Who actually introduced COVID-19 onto the Ruby Princess has become a key sticking point in the class action over the outbreak that claimed 28 lives.
The companies operating the cruise have asked the plaintiff’s lawyers to prove where the outbreak came from – whether it was a passenger or a member of the crew.
David McLure SC, for Carnival and Princess Cruise Lines, said they disputed the allegation the primary source of the infection was a crew member.
The Ruby Princess sailed from Sydney Harbour for New Zealand on March 8, 2020, and returned 11 days later having cut the cruise short when Australia’s borders were closed in the early days of the pandemic.
In chaotic scenes on its arrival, coughing and spluttering passengers could be seen leaving the ship, desperate to get home.
It’s believed 663 of the 1679 Australians on board went on to develop COVID.
Mr McLure said the plaintiff’s case was the outbreak came from a crew member, held over from a previous Ruby Princess cruise that docked on the morning of March 8, in which several people were seen with COVID/flu-like symptoms.
But he said testing of those passengers did not reveal influenza or COVID, which he said the plaintiff incorrectly argued should be interpreted as COVID cases.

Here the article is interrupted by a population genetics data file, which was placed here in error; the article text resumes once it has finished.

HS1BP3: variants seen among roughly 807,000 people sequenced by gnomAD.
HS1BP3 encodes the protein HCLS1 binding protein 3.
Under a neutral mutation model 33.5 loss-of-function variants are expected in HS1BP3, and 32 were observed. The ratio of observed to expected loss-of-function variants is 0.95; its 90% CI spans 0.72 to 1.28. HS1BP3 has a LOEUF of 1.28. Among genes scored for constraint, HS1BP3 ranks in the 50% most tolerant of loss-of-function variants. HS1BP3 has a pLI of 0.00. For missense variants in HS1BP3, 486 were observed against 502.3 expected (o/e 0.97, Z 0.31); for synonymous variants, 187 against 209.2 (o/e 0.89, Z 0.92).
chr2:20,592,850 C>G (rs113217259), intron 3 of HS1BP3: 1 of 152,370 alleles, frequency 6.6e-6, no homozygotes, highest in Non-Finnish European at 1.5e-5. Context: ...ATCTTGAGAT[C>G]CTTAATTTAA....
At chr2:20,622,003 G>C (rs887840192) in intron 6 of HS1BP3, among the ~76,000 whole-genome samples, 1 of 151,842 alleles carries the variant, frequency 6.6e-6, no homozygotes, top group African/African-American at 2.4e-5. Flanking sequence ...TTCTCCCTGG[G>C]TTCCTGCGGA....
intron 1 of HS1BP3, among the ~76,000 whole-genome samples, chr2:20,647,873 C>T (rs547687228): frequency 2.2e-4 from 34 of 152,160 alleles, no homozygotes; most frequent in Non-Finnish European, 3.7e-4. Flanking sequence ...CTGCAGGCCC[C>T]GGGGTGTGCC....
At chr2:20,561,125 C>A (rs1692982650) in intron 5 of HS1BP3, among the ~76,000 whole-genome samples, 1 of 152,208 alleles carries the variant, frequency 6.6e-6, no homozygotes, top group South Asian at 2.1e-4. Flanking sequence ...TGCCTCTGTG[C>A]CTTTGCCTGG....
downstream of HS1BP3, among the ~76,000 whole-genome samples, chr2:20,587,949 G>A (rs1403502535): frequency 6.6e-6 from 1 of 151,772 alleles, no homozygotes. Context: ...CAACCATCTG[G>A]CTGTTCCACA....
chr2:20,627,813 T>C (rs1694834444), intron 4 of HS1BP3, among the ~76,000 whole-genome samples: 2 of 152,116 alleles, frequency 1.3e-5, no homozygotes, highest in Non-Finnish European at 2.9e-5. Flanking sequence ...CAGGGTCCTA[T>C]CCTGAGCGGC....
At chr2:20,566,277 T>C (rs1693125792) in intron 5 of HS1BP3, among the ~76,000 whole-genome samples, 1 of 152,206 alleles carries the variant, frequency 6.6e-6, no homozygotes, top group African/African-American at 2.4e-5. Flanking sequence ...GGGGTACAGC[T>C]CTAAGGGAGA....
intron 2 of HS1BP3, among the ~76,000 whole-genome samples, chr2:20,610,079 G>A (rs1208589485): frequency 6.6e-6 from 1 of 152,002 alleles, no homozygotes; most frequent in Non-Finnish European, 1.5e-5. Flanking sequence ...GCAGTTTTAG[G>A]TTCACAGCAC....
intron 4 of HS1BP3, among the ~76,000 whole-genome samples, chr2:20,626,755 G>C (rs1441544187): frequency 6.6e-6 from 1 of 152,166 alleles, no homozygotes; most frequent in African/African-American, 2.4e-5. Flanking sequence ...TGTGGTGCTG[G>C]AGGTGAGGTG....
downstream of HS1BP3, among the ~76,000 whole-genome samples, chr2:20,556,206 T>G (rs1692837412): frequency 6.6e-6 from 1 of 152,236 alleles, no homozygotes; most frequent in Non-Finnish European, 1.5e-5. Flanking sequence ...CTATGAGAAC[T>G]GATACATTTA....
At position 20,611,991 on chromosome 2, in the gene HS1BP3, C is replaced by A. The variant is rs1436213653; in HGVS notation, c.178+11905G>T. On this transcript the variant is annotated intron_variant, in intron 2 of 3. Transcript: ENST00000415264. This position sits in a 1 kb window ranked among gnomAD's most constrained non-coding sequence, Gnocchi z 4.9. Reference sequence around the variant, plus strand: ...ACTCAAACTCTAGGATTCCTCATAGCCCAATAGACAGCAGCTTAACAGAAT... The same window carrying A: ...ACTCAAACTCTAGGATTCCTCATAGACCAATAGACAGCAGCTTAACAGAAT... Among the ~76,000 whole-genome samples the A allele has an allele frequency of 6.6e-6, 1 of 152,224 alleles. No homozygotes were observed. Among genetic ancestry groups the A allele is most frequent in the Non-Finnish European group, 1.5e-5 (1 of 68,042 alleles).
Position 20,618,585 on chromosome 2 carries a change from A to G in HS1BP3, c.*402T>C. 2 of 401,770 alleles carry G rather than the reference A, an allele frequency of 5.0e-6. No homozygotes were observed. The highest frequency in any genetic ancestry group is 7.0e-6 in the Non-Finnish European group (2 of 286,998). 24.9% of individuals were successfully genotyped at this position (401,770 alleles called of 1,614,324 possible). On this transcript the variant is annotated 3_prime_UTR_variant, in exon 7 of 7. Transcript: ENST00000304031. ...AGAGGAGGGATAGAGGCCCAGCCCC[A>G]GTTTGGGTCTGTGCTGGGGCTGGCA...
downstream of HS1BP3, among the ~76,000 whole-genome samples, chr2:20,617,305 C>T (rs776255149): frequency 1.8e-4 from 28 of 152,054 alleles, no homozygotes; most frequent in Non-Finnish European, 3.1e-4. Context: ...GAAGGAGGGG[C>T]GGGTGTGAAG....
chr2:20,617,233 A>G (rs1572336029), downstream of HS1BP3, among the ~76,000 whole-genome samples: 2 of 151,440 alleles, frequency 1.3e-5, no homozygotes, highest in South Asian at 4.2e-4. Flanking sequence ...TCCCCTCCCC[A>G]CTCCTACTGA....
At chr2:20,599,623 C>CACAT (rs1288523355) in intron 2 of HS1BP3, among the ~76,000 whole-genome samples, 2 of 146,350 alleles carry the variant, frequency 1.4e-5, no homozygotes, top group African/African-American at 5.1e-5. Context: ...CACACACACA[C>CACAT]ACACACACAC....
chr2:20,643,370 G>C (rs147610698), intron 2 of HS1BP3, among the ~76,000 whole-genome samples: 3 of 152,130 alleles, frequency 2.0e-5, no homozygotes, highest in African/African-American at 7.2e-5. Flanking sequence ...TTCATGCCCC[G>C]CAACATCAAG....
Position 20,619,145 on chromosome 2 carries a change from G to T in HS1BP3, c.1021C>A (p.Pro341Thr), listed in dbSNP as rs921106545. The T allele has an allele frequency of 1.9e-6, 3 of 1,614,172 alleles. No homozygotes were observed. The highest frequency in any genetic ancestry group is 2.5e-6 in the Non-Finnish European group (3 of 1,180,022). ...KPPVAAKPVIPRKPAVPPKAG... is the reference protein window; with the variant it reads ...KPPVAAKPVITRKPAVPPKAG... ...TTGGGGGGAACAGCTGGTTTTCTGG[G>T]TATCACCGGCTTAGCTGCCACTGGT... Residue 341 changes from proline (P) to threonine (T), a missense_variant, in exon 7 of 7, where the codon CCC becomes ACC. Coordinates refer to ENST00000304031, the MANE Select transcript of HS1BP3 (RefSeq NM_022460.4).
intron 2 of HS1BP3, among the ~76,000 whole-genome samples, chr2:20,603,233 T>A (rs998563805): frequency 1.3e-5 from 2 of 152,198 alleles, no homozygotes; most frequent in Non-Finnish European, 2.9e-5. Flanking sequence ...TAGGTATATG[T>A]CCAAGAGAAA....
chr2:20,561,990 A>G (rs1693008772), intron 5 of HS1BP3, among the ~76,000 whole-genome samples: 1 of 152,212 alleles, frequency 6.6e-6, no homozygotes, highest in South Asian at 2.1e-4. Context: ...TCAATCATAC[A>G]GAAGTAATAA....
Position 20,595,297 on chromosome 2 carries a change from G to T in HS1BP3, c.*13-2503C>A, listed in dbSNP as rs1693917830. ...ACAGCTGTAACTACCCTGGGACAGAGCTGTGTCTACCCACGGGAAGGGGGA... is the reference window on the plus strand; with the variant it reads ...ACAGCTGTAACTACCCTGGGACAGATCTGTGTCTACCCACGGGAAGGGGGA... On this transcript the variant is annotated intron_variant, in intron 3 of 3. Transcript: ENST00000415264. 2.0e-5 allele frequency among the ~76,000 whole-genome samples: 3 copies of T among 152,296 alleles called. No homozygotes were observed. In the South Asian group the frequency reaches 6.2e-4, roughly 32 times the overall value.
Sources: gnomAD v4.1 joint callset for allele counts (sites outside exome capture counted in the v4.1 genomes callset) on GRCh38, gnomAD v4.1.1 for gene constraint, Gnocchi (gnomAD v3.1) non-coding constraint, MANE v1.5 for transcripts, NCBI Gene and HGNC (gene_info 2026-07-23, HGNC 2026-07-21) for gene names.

“The respondent’s experts say … there was a small, well-managed influenza outbreak,” he told the Federal Court on Thursday.
“That view is supported in part by the fact NSW Health undertook nine COVID swabs, all of which returned negative results.”
Ian Pike SC, for lead plaintiff Susan Karpik, said the cruise line’s demand at this late stage for the plaintiff to prove where the outbreak came from was too prejudicial.
The onus, he said, should not be on the plaintiff to prove how COVID got on the ship.
“It can’t be allowed to be introduced now,” he said. Otherwise, he would seek an adjournment to prepare.
Mrs Karpik, who alleges she and her husband of 50 years, Henry, caught COVID on the cruise, is suing the cruise line for damages.
She alleges the line failed in its duty to take reasonable care of the passengers.
Mrs Karpik had been on eight previous cruises, and Mr Pike said she signed up because she trusted the cruise line to look after her.
“Why did she go on the ninth? Because she thought it was safe,” he said.
The case continues.